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Clark Park, one of University City’s only green spots, will be getting a facelift in coming months.

The north side of Clark Park, known as Park A — which spans from 43rd to 44th streets, and from Baltimore to Chester avenues — will undergo extensive revitalization over the summer. Efforts will include re-plumbing, repaving and mild pruning of trees.

The renovations are primarily aimed at improving water drainage, since the park collects puddles and mud during rainfall.

The Pennsylvania Department of Conservation Natural Resources and the City of Philadelphia are funding the project, with grants totaling $500,000.

An additional $100,000, which has yet to be secured, is needed to fund renovations along 43rd Street and pay for the design work, according to Frank Chance, president of Friends of Clark Park, the group heading the renovation work.

Penn has been involved, both directly by providing $25,000 in funding for design planning, and indirectly through initiatives of University City District, which has been involved with the design and fund raising process from the beginning, he said.

Construction is expected to begin in June, and could take eight weeks to three months, Chance said. Events including farmers’ markets will continue as scheduled during construction, although they will be relocated to Park B, on the southern side of Chester Avenue.

Soil has become densely packed over the span of decades, making it difficult for water to get properly absorbed, said Brian Siano, vice president of Friends of Clark Park.

Plans for Park A include decreasing the number of pathways to increase green space, replacing concrete with loose gravel and creating underground pits filled with stone that improve water retention.

Pathway redevelopment will also improve safety and aesthetics. A number of walkways are severely weather-worn and cracked with tree roots peeking through, Siano said. He added that in some cases, the pavement can pose health risks to the trees.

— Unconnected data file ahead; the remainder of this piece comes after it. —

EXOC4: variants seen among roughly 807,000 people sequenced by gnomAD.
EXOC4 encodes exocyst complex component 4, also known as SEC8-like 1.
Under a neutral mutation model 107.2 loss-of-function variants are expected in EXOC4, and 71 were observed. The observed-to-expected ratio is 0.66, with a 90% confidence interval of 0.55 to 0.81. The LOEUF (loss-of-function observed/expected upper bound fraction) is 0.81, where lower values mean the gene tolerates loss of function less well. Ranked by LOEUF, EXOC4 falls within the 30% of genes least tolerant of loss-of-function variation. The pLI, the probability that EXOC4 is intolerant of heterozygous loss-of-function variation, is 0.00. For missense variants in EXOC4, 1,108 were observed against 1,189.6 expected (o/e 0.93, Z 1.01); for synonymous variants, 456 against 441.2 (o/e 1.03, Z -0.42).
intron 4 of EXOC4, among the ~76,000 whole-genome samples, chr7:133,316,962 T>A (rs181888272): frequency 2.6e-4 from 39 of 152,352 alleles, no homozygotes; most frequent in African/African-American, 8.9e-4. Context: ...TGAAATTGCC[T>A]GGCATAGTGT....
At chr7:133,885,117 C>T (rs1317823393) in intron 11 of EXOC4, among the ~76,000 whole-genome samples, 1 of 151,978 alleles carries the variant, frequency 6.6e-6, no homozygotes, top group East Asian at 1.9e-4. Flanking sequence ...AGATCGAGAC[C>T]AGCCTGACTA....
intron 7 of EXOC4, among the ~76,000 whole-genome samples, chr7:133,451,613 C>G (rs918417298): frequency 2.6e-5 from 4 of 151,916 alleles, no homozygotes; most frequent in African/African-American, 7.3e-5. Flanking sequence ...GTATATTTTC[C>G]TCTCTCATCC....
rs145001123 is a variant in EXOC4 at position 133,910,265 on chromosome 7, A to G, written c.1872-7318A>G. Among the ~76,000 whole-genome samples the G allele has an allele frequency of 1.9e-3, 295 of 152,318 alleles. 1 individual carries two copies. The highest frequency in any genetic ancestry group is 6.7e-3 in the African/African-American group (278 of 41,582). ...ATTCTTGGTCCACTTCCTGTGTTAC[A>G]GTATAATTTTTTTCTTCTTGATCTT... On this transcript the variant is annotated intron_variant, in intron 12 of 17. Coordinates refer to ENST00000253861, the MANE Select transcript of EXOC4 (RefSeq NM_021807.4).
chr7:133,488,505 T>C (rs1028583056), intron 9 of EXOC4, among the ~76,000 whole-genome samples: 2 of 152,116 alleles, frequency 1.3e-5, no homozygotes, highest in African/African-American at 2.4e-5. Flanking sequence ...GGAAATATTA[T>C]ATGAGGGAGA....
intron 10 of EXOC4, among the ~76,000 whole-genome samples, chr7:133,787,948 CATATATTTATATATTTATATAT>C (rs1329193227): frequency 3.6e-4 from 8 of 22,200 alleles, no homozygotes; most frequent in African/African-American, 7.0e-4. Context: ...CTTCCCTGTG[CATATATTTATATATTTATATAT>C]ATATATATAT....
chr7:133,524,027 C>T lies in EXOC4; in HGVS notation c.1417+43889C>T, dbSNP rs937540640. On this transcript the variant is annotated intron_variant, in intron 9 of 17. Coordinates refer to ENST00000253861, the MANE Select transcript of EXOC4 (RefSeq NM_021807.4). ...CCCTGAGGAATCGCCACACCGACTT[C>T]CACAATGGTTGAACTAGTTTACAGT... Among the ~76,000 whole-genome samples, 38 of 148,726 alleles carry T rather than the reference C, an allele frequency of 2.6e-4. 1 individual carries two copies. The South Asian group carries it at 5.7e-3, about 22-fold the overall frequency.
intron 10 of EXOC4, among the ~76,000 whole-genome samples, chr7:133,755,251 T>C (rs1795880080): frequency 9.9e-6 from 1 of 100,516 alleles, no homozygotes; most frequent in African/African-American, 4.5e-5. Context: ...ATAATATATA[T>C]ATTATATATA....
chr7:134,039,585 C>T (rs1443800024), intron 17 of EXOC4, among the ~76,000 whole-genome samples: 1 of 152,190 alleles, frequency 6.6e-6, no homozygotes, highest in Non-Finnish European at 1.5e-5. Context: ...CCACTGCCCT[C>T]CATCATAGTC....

The gravel will also make it easier for students of the adjacent HMS School for Children with Cerebral Palsy to access their building by providing a surface that is more wheelchair accessible, he said.

The area where the farmers’ market is held will be paved, so that vendors and customers can avoid trudging in dirt and mud when it rains, Siano said.

The design focuses on maintaining the “meditative” character of Park A, which has more shade and is quieter than the rest of the park, he added. Construction is intended to improve the park by making it “healthier.”

Although controversial among community members, some trees will be removed from Park A, according to Chance. Tree removal will promote the overall health of the park, since trees that are old, diseased or too close to neighboring trees to grow in the future will be removed.

Additional renovations include more evenly distributing lighting and electrical circuitry.

The efforts are part of a comprehensive renewal plan developed by University City District and Friends of Clark Park in 2001. Past improvements include the renovation of the basketball court, the addition of recycling bins and the consolidation of two playgrounds into one.

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